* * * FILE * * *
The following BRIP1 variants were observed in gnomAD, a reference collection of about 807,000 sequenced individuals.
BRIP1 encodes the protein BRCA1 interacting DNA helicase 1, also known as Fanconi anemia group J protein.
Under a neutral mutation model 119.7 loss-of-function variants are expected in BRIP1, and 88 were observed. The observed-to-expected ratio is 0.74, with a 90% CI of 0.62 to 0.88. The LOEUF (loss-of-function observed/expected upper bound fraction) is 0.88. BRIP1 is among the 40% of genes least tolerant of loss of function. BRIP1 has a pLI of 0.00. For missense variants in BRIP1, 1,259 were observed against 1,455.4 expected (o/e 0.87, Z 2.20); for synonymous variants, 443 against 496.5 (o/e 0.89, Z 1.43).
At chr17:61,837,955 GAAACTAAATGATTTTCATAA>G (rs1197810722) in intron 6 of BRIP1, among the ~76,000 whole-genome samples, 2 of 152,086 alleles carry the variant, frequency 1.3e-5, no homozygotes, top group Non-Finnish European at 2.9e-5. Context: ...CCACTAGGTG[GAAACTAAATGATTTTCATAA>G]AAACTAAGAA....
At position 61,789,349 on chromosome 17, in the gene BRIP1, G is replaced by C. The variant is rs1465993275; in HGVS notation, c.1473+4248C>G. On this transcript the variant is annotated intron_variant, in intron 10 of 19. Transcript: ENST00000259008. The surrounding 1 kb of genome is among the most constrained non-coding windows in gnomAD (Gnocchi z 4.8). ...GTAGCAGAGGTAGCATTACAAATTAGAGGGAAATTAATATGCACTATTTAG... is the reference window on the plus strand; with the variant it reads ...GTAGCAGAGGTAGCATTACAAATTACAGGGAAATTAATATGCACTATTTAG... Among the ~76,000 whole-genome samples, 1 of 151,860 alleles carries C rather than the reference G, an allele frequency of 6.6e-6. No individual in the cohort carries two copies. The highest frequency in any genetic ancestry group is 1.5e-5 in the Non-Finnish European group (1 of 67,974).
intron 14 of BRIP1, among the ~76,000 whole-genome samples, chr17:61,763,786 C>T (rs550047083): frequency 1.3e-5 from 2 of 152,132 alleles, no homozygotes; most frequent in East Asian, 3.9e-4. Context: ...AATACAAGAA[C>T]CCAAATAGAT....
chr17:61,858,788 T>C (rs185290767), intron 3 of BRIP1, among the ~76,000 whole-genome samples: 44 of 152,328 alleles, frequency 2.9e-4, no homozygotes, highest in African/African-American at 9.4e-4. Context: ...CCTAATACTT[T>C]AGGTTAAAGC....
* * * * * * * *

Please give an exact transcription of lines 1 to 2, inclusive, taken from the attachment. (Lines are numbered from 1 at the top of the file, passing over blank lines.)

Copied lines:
The following BRIP1 variants were observed in gnomAD, a reference collection of about 807,000 sequenced individuals.
BRIP1 encodes the protein BRCA1 interacting DNA helicase 1, also known as Fanconi anemia group J protein.